"... the Crucifixion of a Deity makes impossible a supercilious attitude towards failure and defeat."

Those orthodox dogmas which Mr. Thomas regards dubiously are valued by those who believe them, not only as philosophical truths, but also as moral standards and guarantees. They not only occupy the intellect, but they prevent it from being occupied by certain idle or insane suggestions to which the human mind is prone. Satan finds some mischief still for open minds to think. Thus, the goodness of God makes impossible the evil thing called despair. Thus the Incarnation makes impossible a mere priggish contempt for the flesh; and thus the Crucifixion of a Deity makes impossible a supercilious attitude towards failure and defeat.
-March 26, 1910, Daily News

Wednesday, July 13, 2016

...the new sentiment of humanitarianism has come, when the old sentiment of aristocracy has not gone. Social superiors have not really lost any old privileges; they have gained new privileges, including that of being superior in philosophy and philanthropy as well as in riches and refinement. No revolution has shaken their secret security or menaced them with the awful peril of becoming no more than men. Therefore their social reform is but their social refinement grown restless.
-The Uses of Diversity (1921)

Monday, July 11, 2016

The mountain tops are only noble because from them we are privileged to behold the plains. So the only value in any man being superior is that he may have a superior admiration for the level and the common. If there is any profit in a place craggy and precipitous it is only because from the vale it is not easy to see all the beauty of the vale; because when actually in the flats one cannot see their sublime and satisfying flatness. If there is any value in being educated or eminent (which is doubtful enough) it is only because the best instructed man may feel most swiftly and certainly the splendour of the ignorant and the simple: the full magnificence of that mighty human army in the plains. The general goes up to the hill to look at his soldiers, not to look down at his soldiers. He withdraws himself not because his regiment is too small to be touched, but because it is too mighty to be seen. The chief climbs with submission and goes higher with great humility; since in order to take a bird's eye view of everything, he must become small and distant like a bird.
-Alarms and Discursions (1910)

Sunday, July 10, 2016

"...the drum that is beaten loudly must be hollow."

No image can express the amazing state of our politics. But the image that comes nearest to being a key to everything is this: that the drum that is beaten loudly must be hollow. In England today the question that is disputed loudly must be empty. It may excite; it may inspire; it may really divide; it may really educate; but it must not exist. That is, it must not engage the souls of the people prominently debating it, though it may be really important to some remote people they are supposed to be debating about.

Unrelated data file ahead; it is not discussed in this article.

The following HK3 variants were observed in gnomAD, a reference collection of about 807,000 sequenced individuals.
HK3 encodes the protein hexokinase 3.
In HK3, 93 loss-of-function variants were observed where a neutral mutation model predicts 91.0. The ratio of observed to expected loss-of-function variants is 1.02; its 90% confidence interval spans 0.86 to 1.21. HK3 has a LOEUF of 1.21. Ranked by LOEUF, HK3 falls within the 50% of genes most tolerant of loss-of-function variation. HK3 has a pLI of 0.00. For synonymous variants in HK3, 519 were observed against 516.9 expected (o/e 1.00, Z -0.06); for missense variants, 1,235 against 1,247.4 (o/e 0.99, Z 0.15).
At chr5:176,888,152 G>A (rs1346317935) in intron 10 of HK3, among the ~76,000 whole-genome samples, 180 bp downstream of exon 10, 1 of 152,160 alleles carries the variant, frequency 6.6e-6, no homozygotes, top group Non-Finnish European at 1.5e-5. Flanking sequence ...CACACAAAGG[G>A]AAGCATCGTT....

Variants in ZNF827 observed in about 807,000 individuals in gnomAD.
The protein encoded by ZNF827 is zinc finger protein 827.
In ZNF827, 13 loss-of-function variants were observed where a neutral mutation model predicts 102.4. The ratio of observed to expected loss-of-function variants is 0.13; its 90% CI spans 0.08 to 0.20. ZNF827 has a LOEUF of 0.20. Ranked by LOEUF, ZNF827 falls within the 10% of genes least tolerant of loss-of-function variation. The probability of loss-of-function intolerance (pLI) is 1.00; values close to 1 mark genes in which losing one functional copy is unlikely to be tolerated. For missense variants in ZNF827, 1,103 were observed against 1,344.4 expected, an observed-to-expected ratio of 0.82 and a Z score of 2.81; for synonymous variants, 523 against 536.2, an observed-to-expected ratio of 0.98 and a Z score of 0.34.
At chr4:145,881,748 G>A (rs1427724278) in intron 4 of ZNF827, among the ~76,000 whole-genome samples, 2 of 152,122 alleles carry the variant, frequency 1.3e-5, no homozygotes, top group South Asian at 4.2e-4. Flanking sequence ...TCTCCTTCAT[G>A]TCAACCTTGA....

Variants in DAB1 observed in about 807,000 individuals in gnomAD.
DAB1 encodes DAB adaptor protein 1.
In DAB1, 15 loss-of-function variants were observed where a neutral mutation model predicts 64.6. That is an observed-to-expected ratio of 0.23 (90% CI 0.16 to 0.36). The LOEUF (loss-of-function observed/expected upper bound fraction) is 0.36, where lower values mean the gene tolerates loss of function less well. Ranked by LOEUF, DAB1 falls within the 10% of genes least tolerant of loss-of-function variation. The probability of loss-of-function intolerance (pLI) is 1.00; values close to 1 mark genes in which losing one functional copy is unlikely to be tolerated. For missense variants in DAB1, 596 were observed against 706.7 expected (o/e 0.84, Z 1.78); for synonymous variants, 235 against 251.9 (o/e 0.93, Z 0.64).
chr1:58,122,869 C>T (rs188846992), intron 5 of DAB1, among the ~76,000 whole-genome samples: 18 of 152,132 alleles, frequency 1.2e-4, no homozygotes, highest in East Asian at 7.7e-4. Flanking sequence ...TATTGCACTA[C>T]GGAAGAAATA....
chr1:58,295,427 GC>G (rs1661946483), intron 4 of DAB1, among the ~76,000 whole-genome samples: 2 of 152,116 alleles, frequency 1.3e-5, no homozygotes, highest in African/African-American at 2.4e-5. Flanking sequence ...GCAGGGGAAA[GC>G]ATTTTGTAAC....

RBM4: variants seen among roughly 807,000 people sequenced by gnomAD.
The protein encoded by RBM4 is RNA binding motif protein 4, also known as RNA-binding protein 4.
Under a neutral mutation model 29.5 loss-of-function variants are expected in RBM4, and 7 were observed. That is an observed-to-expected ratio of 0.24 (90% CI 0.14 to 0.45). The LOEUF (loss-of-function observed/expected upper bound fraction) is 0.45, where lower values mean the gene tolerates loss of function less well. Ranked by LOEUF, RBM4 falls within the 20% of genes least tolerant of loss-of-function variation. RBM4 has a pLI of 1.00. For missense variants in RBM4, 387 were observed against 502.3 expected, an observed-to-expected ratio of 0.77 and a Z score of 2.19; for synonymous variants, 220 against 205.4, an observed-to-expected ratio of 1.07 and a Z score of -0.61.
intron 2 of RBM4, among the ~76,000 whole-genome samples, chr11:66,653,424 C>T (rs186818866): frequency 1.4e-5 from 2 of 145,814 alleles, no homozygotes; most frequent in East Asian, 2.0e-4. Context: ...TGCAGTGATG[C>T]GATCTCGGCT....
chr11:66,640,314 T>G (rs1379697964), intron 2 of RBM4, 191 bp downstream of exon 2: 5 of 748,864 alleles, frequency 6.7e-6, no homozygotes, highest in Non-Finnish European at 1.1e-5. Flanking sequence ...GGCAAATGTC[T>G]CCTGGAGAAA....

-September 14, 1912, Illustrated London News

Saturday, July 9, 2016

Tradition does not mean [...] that the living are dead but that the dead are alive.
-What I Saw in America (1922)

Wednesday, July 6, 2016

That increasing number of intellectuals, who are content to say that Democracy has been a failure, miss the point of the far more disastrous calamity that Plutocracy has been a success. I mean it has been the only sort of success it could be; for Plutocracy has no philosophy or morals or even meaning; it can only be a material success, that is, a base success. Plutocracy can only mean the success of plutocrats in being plutocrats [...] With Democracy the case is exactly the reverse. We may say, with some truth, that Democracy has failed; but we shall only mean that Democracy has failed to exist.
-Autobiography (1936)

Thursday, June 30, 2016

The healthy doctrine of liberty, for which we are supposed to stand, is not really perplexing to the mind, though, like many other good things, it is partly a paradox. The two parts of the doctrine are these: first, that there are some things in which a man ought to be interfered with by force, and some things in which he ought emphatically to be left alone; and second, that the things he is permitted to do must often be worse than the things he is forbidden to do. A lady's sneer in a smoking carriage may be much more offensive than a gentleman's cigar in a non-smoking carriage. But the collective strength of mankind is capable of taking the cigar out of the gentleman's mouth. Whereas nothing short of racks and red-hot pincers and the most fiendish torment could take the sneer out of the mouth of the lady. The things are different in kind; and to remember that is to keep the civilized instinct of liberty. The man's cigar is incendiary; like a firebrand or a blazing bomb. The man's cigar is a kind of physical assault; and suppressing it is only preserving social order. The lady's smile is a department of devil-worship; and respecting it is religious toleration.
-Februay 12, 1910, Daily News